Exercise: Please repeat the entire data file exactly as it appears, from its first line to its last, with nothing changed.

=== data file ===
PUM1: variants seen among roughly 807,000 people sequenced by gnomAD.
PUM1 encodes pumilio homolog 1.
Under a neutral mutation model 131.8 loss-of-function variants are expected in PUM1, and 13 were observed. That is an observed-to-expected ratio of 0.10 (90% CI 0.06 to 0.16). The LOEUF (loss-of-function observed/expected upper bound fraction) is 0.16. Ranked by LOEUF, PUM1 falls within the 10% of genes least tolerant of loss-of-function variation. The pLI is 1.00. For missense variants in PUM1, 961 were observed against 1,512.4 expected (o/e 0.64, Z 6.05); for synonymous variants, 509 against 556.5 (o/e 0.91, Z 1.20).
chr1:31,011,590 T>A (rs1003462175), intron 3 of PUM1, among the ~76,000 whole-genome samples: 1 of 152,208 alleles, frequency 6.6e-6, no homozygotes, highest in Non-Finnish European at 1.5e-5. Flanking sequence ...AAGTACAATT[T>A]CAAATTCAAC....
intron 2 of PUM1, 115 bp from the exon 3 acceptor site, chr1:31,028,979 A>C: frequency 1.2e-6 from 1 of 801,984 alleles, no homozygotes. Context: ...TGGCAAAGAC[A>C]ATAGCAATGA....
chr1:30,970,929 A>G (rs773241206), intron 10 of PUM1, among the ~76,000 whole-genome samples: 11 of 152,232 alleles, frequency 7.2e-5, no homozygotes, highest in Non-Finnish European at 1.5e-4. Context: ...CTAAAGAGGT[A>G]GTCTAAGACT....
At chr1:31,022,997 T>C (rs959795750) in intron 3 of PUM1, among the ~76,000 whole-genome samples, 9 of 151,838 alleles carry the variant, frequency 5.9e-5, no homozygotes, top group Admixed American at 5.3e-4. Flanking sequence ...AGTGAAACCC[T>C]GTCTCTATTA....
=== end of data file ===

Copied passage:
PUM1: variants seen among roughly 807,000 people sequenced by gnomAD.
PUM1 encodes pumilio homolog 1.
Under a neutral mutation model 131.8 loss-of-function variants are expected in PUM1, and 13 were observed. That is an observed-to-expected ratio of 0.10 (90% CI 0.06 to 0.16). The LOEUF (loss-of-function observed/expected upper bound fraction) is 0.16. Ranked by LOEUF, PUM1 falls within the 10% of genes least tolerant of loss-of-function variation. The pLI is 1.00. For missense variants in PUM1, 961 were observed against 1,512.4 expected (o/e 0.64, Z 6.05); for synonymous variants, 509 against 556.5 (o/e 0.91, Z 1.20).
chr1:31,011,590 T>A (rs1003462175), intron 3 of PUM1, among the ~76,000 whole-genome samples: 1 of 152,208 alleles, frequency 6.6e-6, no homozygotes, highest in Non-Finnish European at 1.5e-5. Flanking sequence ...AAGTACAATT[T>A]CAAATTCAAC....
intron 2 of PUM1, 115 bp from the exon 3 acceptor site, chr1:31,028,979 A>C: frequency 1.2e-6 from 1 of 801,984 alleles, no homozygotes. Context: ...TGGCAAAGAC[A>C]ATAGCAATGA....
chr1:30,970,929 A>G (rs773241206), intron 10 of PUM1, among the ~76,000 whole-genome samples: 11 of 152,232 alleles, frequency 7.2e-5, no homozygotes, highest in Non-Finnish European at 1.5e-4. Context: ...CTAAAGAGGT[A>G]GTCTAAGACT....
At chr1:31,022,997 T>C (rs959795750) in intron 3 of PUM1, among the ~76,000 whole-genome samples, 9 of 151,838 alleles carry the variant, frequency 5.9e-5, no homozygotes, top group Admixed American at 5.3e-4. Flanking sequence ...AGTGAAACCC[T>C]GTCTCTATTA....